mersenneforum.org Msieve: problem linking with other C library
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 2010-03-31, 06:43 #1 srawlins   Mar 2010 3 Posts Msieve: problem linking with other C library Hi all (well, mostly jasonp :) ), I am working on bindings for msieve to Ruby. One gating but work-around-able problem is that the Ruby library that does links C libraries against Ruby (mkmf) always adds Ruby's include paths before the ones that you specify. So, unfortunately, Ruby's ruby/util.h sits in the include path before msieve's util.h. The resulting problem is that when msieve.h and mp.h both try to #include they fail, instead including Ruby's ruby/util.h. On my system, I worked around this in about 5 seconds by changing that line to read #include "util.h" in both msieve.h and mp.h. I am not a C expert, but I gather that using the double quotes is more proper in the end, when #including a file in the same directory (ie, in the same package or library). Can this be changed in an upcoming release of msieve? Nothing broke on my system, but of course I recommending testing the change on multiple platforms before committing to it. You can see the beginnings of the msieve Ruby gem at http://github.com/srawlins/msieve Thanks for your time.
 2010-03-31, 12:24 #2 jasonp Tribal Bullet     Oct 2004 353610 Posts That's a good idea, as these two headers are expected to be included by applications, unlike all the others. I'll update the repo soon.
 2010-03-31, 16:30 #3 srawlins   Mar 2010 3 Posts Thanks much Jason. Sincerely enjoying the library. I compiled using msys (1.0.11), gcc (3.4.5), and the not-maintained :( mingw-pthreads library, all on Windows XP. libmsieve.a works very well, as does the demo, msieve.exe.
 2010-03-31, 16:48 #4 jasonp Tribal Bullet     Oct 2004 24×13×17 Posts Okay. I was planning to switch to -march=native so that 64-bit users didn't have to edit the makefile, but I suspect that only works for gcc > 4.x Also, in windows the mingw-pthreads library is not needed at all; the code uses windows thread functions only, but the link line in the makefile uses it because non-windows machines must have pthreads and I didn't want even more users to have to edit the makefile :)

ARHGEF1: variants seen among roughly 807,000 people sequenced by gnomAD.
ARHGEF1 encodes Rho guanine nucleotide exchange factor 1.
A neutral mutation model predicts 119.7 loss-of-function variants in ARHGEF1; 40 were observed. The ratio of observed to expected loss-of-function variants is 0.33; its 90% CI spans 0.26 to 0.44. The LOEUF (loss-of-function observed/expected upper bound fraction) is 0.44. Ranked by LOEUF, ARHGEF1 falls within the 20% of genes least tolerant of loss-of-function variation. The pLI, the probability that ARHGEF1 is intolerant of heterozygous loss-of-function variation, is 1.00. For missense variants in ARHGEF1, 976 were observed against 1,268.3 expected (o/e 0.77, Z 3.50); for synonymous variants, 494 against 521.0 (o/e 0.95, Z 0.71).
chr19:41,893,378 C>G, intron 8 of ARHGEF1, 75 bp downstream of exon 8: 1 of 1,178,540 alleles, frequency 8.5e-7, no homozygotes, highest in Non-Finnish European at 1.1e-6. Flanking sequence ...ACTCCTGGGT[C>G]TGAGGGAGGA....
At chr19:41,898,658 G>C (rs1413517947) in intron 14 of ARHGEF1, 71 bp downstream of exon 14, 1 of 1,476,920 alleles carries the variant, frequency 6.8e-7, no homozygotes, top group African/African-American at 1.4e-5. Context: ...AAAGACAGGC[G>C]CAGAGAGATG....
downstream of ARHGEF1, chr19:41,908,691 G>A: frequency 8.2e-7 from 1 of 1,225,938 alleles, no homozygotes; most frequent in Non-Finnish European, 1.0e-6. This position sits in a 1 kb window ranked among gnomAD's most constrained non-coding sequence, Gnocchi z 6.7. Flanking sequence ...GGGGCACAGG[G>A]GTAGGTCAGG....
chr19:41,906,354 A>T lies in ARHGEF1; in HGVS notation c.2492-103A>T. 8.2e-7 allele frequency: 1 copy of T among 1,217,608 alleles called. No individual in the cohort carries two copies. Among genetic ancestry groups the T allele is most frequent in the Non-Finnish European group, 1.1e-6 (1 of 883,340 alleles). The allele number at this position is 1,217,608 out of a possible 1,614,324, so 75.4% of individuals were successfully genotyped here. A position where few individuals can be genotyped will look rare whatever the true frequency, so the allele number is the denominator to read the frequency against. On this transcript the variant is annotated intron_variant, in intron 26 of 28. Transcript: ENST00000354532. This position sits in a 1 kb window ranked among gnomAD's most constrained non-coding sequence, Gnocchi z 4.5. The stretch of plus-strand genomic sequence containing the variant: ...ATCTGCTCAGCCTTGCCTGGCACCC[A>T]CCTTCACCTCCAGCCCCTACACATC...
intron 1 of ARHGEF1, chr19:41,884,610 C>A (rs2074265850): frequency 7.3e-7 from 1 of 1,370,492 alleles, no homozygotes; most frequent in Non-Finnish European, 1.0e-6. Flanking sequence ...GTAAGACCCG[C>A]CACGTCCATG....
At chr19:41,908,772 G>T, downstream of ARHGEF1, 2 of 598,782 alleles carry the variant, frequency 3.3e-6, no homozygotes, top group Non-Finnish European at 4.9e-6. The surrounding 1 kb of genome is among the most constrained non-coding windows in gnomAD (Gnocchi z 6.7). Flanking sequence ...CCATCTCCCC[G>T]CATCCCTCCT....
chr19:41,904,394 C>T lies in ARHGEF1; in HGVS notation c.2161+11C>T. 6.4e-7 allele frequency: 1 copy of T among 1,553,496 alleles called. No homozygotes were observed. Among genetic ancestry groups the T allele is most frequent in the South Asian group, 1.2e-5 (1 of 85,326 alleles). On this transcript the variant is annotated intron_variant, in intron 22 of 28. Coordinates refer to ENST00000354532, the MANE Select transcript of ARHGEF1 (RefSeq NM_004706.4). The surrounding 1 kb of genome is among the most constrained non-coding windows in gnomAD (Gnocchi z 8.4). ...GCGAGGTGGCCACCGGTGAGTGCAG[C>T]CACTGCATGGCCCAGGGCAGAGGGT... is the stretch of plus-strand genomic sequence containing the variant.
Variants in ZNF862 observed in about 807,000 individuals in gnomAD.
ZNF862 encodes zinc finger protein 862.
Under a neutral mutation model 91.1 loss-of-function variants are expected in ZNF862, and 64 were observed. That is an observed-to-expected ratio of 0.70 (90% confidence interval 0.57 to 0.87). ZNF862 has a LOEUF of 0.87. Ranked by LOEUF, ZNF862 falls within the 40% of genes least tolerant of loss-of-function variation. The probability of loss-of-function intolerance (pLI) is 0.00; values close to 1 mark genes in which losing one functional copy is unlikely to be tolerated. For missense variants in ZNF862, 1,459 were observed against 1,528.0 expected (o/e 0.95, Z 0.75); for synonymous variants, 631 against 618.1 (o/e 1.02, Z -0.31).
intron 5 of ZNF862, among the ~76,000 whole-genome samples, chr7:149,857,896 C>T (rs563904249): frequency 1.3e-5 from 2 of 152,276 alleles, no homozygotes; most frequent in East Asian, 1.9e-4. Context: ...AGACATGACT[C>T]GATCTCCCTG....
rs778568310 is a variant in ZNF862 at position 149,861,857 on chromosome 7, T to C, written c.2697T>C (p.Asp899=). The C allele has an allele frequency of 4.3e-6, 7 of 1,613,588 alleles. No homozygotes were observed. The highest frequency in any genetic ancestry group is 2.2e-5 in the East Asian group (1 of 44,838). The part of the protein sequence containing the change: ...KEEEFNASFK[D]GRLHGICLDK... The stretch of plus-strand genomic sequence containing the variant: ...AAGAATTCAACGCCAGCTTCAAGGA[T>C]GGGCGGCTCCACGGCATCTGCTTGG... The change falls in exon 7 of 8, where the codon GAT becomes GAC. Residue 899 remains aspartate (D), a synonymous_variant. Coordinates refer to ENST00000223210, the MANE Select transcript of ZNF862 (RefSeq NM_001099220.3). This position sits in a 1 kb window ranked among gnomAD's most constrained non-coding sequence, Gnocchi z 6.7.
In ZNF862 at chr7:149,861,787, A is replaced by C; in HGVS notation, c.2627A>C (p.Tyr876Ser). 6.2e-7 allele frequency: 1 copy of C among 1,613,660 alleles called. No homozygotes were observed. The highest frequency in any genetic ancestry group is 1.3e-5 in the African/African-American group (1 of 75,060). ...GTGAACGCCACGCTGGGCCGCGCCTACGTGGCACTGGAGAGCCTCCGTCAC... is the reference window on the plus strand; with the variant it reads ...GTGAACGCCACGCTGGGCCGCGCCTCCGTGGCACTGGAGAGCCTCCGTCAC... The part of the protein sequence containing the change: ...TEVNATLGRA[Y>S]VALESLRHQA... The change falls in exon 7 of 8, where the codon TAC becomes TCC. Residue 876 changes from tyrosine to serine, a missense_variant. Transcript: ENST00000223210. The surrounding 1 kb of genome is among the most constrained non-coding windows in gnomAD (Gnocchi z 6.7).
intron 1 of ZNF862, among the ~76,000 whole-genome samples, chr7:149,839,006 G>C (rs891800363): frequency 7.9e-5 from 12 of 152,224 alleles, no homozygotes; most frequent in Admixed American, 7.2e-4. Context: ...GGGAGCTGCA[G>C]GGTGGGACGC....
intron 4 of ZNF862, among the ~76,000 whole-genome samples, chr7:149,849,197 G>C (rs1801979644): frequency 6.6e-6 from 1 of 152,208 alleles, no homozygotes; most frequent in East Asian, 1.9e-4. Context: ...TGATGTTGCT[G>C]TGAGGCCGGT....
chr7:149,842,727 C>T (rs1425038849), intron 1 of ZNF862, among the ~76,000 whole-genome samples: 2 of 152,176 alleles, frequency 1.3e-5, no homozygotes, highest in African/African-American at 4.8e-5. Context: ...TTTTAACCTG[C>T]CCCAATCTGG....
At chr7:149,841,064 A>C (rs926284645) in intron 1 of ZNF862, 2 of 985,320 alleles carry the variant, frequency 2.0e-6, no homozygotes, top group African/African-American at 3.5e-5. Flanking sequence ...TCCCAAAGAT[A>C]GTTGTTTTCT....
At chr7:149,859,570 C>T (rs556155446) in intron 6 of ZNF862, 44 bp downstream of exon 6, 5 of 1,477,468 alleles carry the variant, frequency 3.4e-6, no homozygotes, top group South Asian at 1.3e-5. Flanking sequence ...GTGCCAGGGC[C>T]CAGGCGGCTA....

2010-03-31, 18:12 #5 srawlins   Mar 2010 3 Posts Ah, OK. I was going to mention that I did have to edit the Makefile a tad: I changed lines 22-23 from CFLAGS = $(OPT_FLAGS)$(MACHINE_FLAGS) $(WARN_FLAGS) \ -I. -Iinclude -Ignfs -Ignfs/poly to CFLAGS =$(OPT_FLAGS) $(MACHINE_FLAGS)$(WARN_FLAGS) \ -I. -Iinclude -Ignfs -Ignfs/poly -I/usr/local/include (thats where my GMP include is) and line 50 from LIBS += -L/usr/local/lib -lgmp -lm -lpthread to LIBS += -L/usr/local/lib -lgmp -lm -lpthreadGC2 because of how the mingw-pthread libraries are named. But you are saying I can drop the -lpthread?
2010-03-31, 20:36   #6
chris2be8

Sep 2009

111111001102 Posts

Quote:
 Originally Posted by jasonp Okay. I was planning to switch to -march=native so that 64-bit users didn't have to edit the makefile, but I suspect that only works for gcc > 4.x
I think -march=native needs gcc 4.2.x or higher. It worked for me with gcc 4.2.1 but not with gcc 4.1.2.

Chris K

2010-04-02, 02:05   #7
jasonp
Tribal Bullet

Oct 2004

DD016 Posts

Quote:
 Originally Posted by srawlins But you are saying I can drop the -lpthread?
Yes. The only reason I leave it there on windows is because cycgwin has always allowed it, and the pthreads bundle is required in minGW if you install the gcc 4.x release candidate. If you try to compile with the ancient gcc 3.4.5 that is the default in minGW you will get a compile error.

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